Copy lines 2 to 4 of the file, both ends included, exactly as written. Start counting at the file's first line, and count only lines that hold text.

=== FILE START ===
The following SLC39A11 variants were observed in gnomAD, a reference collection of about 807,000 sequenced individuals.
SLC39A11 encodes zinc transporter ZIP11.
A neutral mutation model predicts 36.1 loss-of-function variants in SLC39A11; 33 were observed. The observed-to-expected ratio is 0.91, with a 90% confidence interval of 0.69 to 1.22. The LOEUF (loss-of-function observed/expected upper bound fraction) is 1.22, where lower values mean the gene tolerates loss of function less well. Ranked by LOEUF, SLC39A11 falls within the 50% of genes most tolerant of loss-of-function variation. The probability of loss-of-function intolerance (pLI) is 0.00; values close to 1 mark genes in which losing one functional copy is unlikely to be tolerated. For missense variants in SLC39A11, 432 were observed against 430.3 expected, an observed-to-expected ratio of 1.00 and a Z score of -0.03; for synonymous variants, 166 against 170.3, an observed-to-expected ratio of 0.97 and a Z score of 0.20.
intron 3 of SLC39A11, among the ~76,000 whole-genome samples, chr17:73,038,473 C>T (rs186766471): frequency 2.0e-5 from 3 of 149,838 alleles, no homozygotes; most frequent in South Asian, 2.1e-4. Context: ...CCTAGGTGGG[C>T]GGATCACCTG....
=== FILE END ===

SLC39A11 encodes zinc transporter ZIP11.
A neutral mutation model predicts 36.1 loss-of-function variants in SLC39A11; 33 were observed. The observed-to-expected ratio is 0.91, with a 90% confidence interval of 0.69 to 1.22. The LOEUF (loss-of-function observed/expected upper bound fraction) is 1.22, where lower values mean the gene tolerates loss of function less well. Ranked by LOEUF, SLC39A11 falls within the 50% of genes most tolerant of loss-of-function variation. The probability of loss-of-function intolerance (pLI) is 0.00; values close to 1 mark genes in which losing one functional copy is unlikely to be tolerated. For missense variants in SLC39A11, 432 were observed against 430.3 expected, an observed-to-expected ratio of 1.00 and a Z score of -0.03; for synonymous variants, 166 against 170.3, an observed-to-expected ratio of 0.97 and a Z score of 0.20.
intron 3 of SLC39A11, among the ~76,000 whole-genome samples, chr17:73,038,473 C>T (rs186766471): frequency 2.0e-5 from 3 of 149,838 alleles, no homozygotes; most frequent in South Asian, 2.1e-4. Context: ...CCTAGGTGGG[C>T]GGATCACCTG....